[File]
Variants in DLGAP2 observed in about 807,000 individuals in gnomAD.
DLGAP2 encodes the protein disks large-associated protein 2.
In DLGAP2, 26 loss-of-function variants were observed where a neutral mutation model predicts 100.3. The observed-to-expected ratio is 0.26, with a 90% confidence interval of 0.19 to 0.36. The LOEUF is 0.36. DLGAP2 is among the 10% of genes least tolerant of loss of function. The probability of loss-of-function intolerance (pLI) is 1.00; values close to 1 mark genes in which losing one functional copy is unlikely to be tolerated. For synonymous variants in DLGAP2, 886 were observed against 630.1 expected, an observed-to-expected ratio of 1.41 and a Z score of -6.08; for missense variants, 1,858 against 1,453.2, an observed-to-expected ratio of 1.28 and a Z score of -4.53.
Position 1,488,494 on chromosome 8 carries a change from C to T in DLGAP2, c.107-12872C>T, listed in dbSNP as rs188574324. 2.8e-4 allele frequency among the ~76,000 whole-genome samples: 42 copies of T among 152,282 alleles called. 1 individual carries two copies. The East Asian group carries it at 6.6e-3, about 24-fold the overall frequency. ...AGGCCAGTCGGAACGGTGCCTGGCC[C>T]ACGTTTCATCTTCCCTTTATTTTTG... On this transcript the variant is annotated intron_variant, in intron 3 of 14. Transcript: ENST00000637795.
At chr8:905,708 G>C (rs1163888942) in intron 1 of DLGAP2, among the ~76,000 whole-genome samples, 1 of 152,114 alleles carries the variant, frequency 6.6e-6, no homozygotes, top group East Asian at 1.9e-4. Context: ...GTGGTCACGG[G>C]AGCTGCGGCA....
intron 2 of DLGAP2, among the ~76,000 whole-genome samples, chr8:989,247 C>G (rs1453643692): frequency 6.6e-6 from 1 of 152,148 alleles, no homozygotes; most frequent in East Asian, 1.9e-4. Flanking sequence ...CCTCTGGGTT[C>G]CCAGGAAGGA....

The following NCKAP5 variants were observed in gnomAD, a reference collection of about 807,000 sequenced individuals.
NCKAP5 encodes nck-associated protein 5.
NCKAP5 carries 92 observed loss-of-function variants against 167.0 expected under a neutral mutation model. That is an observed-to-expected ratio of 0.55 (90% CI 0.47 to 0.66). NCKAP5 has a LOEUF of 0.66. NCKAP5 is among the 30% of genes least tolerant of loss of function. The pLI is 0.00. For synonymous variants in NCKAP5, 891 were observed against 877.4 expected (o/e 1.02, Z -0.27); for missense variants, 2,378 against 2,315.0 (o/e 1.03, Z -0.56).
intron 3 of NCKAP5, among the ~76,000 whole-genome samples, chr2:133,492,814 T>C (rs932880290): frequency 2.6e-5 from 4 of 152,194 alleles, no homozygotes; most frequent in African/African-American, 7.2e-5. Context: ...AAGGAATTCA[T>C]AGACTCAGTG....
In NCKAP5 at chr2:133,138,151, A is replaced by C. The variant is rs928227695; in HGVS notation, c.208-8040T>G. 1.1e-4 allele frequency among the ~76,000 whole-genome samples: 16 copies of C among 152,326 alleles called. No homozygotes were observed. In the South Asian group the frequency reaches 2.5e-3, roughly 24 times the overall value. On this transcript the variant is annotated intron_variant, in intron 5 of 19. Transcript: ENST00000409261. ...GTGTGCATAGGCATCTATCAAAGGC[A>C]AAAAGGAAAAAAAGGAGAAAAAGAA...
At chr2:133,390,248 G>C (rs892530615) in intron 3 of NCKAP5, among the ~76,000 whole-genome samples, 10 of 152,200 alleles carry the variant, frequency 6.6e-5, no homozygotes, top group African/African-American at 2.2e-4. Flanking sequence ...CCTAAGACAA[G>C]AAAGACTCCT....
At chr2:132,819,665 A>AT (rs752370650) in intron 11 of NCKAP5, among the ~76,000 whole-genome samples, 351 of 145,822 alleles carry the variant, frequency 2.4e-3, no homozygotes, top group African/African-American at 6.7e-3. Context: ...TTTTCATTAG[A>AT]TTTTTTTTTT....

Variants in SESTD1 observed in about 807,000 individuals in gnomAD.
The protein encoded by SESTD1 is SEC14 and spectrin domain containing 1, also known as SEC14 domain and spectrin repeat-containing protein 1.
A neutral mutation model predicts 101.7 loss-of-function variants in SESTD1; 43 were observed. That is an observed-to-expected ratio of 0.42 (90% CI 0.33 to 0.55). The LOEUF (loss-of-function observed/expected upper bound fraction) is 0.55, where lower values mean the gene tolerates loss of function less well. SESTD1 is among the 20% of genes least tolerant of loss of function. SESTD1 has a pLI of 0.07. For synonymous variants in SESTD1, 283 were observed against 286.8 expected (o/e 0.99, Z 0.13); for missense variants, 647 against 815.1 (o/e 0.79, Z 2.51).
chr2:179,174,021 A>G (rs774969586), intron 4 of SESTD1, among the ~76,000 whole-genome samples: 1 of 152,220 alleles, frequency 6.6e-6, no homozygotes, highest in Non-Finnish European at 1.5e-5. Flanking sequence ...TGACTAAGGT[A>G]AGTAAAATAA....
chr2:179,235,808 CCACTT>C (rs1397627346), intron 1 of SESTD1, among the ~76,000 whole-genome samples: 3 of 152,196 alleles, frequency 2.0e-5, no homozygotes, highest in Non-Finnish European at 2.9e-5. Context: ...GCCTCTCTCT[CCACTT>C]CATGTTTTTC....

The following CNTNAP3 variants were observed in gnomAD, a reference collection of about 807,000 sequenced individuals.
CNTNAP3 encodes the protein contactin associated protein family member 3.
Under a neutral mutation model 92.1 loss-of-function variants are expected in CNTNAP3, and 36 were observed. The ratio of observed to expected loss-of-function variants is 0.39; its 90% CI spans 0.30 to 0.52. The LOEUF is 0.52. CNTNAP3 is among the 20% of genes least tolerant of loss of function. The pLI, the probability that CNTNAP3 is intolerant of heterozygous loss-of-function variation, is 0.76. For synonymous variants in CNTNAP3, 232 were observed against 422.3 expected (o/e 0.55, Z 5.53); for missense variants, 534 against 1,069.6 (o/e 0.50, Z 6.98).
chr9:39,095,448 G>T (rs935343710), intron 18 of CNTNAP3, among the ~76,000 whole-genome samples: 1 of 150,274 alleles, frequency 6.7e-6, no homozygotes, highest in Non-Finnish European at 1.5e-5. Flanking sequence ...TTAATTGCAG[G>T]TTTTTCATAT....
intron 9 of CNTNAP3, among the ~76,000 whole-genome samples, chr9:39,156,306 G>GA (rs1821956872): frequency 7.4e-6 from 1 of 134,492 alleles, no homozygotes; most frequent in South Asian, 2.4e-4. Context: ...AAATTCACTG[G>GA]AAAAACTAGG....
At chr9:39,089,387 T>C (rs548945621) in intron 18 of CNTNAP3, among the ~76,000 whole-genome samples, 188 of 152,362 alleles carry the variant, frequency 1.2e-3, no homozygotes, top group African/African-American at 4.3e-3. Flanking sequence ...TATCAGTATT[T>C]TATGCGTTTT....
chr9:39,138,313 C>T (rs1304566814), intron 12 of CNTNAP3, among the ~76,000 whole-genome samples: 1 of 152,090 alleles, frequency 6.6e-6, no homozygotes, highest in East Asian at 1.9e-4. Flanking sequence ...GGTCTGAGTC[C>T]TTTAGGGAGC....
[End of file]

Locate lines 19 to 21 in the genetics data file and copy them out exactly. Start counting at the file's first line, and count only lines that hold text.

The following CNTNAP3 variants were observed in gnomAD, a reference collection of about 807,000 sequenced individuals.
CNTNAP3 encodes the protein contactin associated protein family member 3.
Under a neutral mutation model 92.1 loss-of-function variants are expected in CNTNAP3, and 36 were observed. The ratio of observed to expected loss-of-function variants is 0.39; its 90% CI spans 0.30 to 0.52. The LOEUF is 0.52. CNTNAP3 is among the 20% of genes least tolerant of loss of function. The pLI, the probability that CNTNAP3 is intolerant of heterozygous loss-of-function variation, is 0.76. For synonymous variants in CNTNAP3, 232 were observed against 422.3 expected (o/e 0.55, Z 5.53); for missense variants, 534 against 1,069.6 (o/e 0.50, Z 6.98).